I’m from Minnesota but did not hear of Norwegian or Swedish egg coffee until long after I left that fair state. I was reminded of it again as I read, with interest, some of the impressions and posts of people attending the Minnesota State Fair. Folks I knew with a Norwegian ancestry swore that this was the best kind of coffee, but being skeptical and perhaps a bit of a whimp, I never fully put that claim to the test. Until now! The closest I came was (after learning that my grandmother used to add egg shells to her coffee) putting egg shells in my coffee filter, but I did not detect any difference and merely felt I was one step closer to composting than anything else. However, our coffee maker recently copped an attitude and now I never know when I flip the switch whether it will cooperate. Consequently, I’ve been experimenting with different coffee making techniques and in my investigations, I decided this method deserved a second chance, until I break down and purchase a new coffee maker.
What is it?
This traditional Norwegian method involves making coffee with an egg. Its that simple.
How its done
For a single serving, an egg is broken, whisked and mixed it with half a cup of water in a warmed saucepan. Add one cup of medium-grind coffee, and six cups of boiling water, and boil slowly for exactly three minutes, covered. Then add another half a cup of cold water, and let it steep for ten minutes, and serve.
What you get is a slightly rich, mysteriously clear coffee. Not only does the egg add a little richness, but the egg proteins bind with, and settle the grounds. This part of the process occurs when you add that last half a cup of cold water. Egg coffee makers all have their own adaptation, some people use the whole egg including the shell, others use the egg without the shell, or even just the egg whites. The results are consistent; rich, and miraculously clear coffee.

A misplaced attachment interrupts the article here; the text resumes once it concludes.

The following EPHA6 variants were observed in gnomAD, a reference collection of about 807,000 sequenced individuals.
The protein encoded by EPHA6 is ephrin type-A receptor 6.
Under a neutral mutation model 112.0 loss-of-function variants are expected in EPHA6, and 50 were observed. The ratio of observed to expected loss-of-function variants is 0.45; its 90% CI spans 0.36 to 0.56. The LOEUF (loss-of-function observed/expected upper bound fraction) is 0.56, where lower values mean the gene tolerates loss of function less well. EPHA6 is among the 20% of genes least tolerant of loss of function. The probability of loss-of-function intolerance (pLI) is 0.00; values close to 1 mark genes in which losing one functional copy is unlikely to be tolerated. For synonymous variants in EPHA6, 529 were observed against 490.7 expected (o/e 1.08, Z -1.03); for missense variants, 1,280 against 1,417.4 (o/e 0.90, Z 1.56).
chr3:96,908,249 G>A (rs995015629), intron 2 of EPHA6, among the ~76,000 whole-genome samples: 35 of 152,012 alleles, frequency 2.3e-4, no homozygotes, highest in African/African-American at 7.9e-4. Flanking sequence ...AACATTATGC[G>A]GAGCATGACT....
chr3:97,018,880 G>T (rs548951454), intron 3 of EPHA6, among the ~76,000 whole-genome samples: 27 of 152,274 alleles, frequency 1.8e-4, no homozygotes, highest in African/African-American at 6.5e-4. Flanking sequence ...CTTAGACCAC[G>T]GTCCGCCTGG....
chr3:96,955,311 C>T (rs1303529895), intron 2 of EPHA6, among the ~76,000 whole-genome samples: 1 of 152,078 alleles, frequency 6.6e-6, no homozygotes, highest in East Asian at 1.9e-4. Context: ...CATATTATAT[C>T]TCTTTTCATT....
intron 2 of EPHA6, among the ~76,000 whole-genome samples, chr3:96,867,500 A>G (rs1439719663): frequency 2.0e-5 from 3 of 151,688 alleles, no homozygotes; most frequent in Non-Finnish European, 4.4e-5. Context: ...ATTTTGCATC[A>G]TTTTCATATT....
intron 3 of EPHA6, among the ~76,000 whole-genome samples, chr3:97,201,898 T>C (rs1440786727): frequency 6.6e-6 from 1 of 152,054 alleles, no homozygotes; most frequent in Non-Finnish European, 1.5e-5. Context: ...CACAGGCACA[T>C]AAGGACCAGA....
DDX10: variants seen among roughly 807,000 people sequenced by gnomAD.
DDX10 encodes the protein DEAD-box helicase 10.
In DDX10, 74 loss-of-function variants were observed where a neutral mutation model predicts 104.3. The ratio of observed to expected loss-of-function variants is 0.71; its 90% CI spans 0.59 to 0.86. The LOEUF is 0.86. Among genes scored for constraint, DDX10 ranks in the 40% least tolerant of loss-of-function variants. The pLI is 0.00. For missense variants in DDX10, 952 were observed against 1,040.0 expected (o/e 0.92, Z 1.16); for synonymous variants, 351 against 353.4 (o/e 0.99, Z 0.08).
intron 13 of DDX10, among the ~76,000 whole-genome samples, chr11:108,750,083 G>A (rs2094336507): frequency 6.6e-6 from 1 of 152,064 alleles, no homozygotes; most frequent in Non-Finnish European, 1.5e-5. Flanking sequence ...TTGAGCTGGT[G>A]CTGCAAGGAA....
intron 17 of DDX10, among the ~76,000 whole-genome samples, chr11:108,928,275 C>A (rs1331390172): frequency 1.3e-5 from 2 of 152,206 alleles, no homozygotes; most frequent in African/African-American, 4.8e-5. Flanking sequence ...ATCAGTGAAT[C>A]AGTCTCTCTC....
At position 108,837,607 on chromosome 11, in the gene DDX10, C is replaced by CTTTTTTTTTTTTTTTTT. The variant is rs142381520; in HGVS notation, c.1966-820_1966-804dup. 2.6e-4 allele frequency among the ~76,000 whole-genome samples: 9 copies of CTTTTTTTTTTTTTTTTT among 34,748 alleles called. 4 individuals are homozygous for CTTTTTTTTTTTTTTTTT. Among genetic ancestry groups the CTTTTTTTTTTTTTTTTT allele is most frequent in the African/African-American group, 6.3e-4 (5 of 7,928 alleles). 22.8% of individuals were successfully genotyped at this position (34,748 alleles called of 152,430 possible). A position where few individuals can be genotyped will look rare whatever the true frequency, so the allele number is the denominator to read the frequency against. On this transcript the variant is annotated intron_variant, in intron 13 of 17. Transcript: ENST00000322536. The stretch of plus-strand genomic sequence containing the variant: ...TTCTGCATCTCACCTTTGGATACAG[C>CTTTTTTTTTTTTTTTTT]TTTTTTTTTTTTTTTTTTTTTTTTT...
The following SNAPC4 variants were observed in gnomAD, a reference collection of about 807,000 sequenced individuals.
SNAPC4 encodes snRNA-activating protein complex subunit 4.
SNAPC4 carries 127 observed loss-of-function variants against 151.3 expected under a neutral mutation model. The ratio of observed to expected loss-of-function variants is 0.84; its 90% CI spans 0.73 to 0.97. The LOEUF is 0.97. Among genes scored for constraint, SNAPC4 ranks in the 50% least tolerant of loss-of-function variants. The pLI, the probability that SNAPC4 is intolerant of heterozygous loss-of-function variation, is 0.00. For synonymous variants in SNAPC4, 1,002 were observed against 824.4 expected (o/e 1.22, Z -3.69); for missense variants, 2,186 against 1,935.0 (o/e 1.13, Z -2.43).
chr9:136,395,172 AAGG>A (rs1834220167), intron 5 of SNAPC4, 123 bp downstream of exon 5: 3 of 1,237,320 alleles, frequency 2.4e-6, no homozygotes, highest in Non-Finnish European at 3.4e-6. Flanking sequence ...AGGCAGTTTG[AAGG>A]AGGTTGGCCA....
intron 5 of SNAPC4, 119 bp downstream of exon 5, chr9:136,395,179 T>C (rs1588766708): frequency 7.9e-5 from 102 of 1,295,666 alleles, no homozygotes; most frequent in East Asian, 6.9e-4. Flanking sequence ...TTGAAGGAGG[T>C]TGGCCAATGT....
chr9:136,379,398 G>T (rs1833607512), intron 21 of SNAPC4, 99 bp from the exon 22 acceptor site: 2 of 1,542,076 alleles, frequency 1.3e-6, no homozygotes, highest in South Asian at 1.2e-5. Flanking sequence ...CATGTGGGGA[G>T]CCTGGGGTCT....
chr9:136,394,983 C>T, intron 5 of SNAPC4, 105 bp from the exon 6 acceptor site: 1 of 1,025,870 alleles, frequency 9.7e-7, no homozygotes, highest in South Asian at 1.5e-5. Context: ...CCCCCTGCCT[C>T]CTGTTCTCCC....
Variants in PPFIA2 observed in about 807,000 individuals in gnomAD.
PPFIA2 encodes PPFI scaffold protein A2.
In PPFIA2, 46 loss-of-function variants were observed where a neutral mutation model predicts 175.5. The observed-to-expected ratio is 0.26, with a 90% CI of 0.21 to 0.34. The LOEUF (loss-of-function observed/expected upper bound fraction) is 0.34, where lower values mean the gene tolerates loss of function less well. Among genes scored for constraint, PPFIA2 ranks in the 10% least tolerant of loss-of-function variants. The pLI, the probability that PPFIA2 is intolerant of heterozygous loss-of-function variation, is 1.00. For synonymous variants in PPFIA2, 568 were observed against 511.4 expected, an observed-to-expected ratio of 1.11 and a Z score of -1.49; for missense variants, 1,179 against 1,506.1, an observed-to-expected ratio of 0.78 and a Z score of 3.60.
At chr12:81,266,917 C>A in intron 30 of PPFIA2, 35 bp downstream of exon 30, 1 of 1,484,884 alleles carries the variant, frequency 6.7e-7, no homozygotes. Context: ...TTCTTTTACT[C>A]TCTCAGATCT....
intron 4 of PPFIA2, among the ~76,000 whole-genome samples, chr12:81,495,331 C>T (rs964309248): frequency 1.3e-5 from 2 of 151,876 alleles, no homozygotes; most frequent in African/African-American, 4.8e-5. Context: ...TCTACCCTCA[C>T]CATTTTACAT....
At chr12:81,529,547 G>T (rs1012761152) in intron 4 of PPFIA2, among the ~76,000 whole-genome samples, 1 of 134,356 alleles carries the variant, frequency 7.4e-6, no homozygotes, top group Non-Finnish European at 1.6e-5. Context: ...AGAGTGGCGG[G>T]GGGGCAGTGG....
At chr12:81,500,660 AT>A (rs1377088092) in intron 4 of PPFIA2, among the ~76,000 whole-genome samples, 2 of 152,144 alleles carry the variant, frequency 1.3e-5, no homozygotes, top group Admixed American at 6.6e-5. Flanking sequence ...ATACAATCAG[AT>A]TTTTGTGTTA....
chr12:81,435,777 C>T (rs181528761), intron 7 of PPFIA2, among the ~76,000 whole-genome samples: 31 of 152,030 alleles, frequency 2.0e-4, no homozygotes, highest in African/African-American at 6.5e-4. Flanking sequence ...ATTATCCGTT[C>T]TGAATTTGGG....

Egg Coffee around Europe via Bruno Sanches at baristaconnection.com:
Norwegian Egg Coffee
10 c water
1 ½ c ground coffee
¼ cup water
Bring 10 cups of water in a kettle to a boil on the stovetop. Combine coffee grounds, egg and ¼ cup water in a bowl. Add egg/coffee mixture to the boiled water. Boil 2-3 minutes. Remove from heat and add 1 cup of cold water. (This will settle the coffee grounds to the bottom of the kettle) Serve hot.
Swedish Egg Coffee
10-12 c of water
1 c regular-grind coffee
1 c of ice cold water
Bring water to a boil and remove from heat. In a small bowl, mix coffee and egg. Add a little hot water to coffee and egg mixture, then pour mixture into hot water. Stir and heat until it comes to a rolling boil. Remove from heat and pour in 1 cup of ice cold water. Let set for 10 minutes before serving. (The egg and coffee grounds settle to the bottom, leaving the coffee a dark honey color.)
Hungarian Egg Coffee (found same recipe here)
1 # medium ground coffee
1 raw egg washed
1/8 tsp. salt
½ c cold water
Fresh whipped cream (optional)
Mix into one pound of coffee, the egg yolk, white and crushed egg shell. Add the salt and ½ cup of cold water, and mix everything together well. Store in a covered container in the refrigerator. Use coffee mixture as you need it. Keeps only a week in refrigerator. Bring the required amount of water to a rolling boil, and spoon in your usual amount of coffee grinds (with the egg mix). Stir rapidly to distribute the grounds in the boiling water. Let it come to a boil, and have a cup of cold water handy to throw into the pot to keep it from boiling over. Turn off heat and let coffee settle to bottom of pot. Keep the pot hot, but do not allow it to come to another boil. Serve “mit Schlag” (with whip cream).
Hendricks Minnesota (A perfect place for children) lays claim to Norwegian egg coffee, and offers up their recipes in true Midwestern fashion: family and Lutheran Church sized.
Another reason for adding egg shells
Egg shells are thought to reduce or neutralize the acid in coffee making for a mellower drink. The large particle egg shells do not have much surface area, which is needed to react with the acid. To increase that surface area, the shells should be ground or crushed so they react more readily with the coffee acid.
A writer on a coffee focused blog (coffefaq.com) posted: